9 1/2 Weeks
Not a Kim Bassinger fan, by a long shot. And I don’t think I’ve ever seen a young Mickey Rourke in anything. I can say that when people would say he was a sex symbol once upon a time it was hard for me to grasp. Combined, there wasn’t much motivation for me to see this one.
Holy cow. You mean Mickey Rourke used to be sexy? I mean, seriously? Wow! And Kim Bassinger has never seemed lovely to me but in this film she is everything I have been told she is but felt she never lived up to the reputation which preceded her. And she has lovely breasts. There are some steamy scenes but the entire movie lacked any psychological depth. It was all more like a weird soft-core porn that couldn’t even live up to the pornography potential and barely fulfilled any relevant eroticism. I don’t know if it was because most of the sex scenes were either foreplay or had a rape-quality to them. Or maybe it was that between the sexy seductive scenes Bassinger was allowed to be giggly and quirky which didn’t align at all with the woman she was under Rourke’s dominance. Which is why I felt it lacked psychological depth because too much was left without a context. I wonder if the novel, upon which the movie was based, is able to explore some of the psychology behind the relationship dynamic. Has anyone read it who can tell me whether the novel has any depth or not?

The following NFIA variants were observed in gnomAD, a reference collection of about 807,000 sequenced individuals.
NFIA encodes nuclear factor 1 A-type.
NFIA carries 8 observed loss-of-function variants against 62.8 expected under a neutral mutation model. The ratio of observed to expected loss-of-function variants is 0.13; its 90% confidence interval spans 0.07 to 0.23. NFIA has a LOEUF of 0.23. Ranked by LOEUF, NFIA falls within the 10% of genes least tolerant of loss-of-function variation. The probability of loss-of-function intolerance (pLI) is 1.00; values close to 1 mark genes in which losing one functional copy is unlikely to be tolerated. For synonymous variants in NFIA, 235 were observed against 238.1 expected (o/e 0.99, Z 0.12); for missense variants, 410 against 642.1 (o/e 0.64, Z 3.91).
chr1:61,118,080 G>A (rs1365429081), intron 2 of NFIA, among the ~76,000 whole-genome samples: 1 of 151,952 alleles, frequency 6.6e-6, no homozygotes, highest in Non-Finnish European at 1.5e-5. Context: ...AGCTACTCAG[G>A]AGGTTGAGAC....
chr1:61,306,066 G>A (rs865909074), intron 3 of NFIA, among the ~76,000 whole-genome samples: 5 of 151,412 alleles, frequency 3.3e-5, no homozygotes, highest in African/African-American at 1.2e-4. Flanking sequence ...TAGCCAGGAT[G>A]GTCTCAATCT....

The English Patient
The more praise I heard for this movie, the more people tried to convince me I would love it, the more I realized that these people really don’t pay any attention to what movies I usually like or ignore the books I read because nothing about this movie sounded remotely interesting.
Beautifully acted with a cast that is so gloriously cast I should be breathless. I adore Juliette Binoche. Truly. But this movie is long. Long and boring. Very long and incredibly boring. No. It’s credibly boring because I was correct in knowing that this is not the type of movie I would enjoy and the only thing that redeemed it is that I was also busy doing other things so I was able to distract myself sufficiently that I didn’t do what I wanted to do most: fall asleep. Did it really take nearly three hours to tell this non-story? Apparently someone thought so. I obviously did not. Sheesh. Thank goodness I never read the novel. I think it would have been one of those novels I’d want to throw with great force.
Valley of the Dolls
I didn’t want to see this because I read the novel as a teenager and found it to be boring and utterly silly. A trashy novel could only result in a trashy movie. Plus, Judy Garland had turned down a role in the movie and I love Garland. And as if this were not reason enough not to see it, I figured seeing Sharon Tate on film would be kind of sad.
The formula I mention above is right–a trashy novel equals a trashy movie. Patty Duke obviously wanted to break away from her girl-next-door image and does a good job of it, right up until the final scenery chewing meltdown moment, a scene that was probably the impetus for her taking the role to begin with. Sharon Tate doesn’t act so much as whisper her lines while looking very pretty. And the rest of the movie is soap-opera melodrama. Blah blah blah. A nice song sung by Dionne Warwick can’t elevate this movie to anything more than fluff. At this point, I stopped suffering through the movies I’ve been avoiding because I obviously know enough about my personal taste to recognize what I should avoid and can’t really justify putting myself through one more of these films. Not in June, anyway.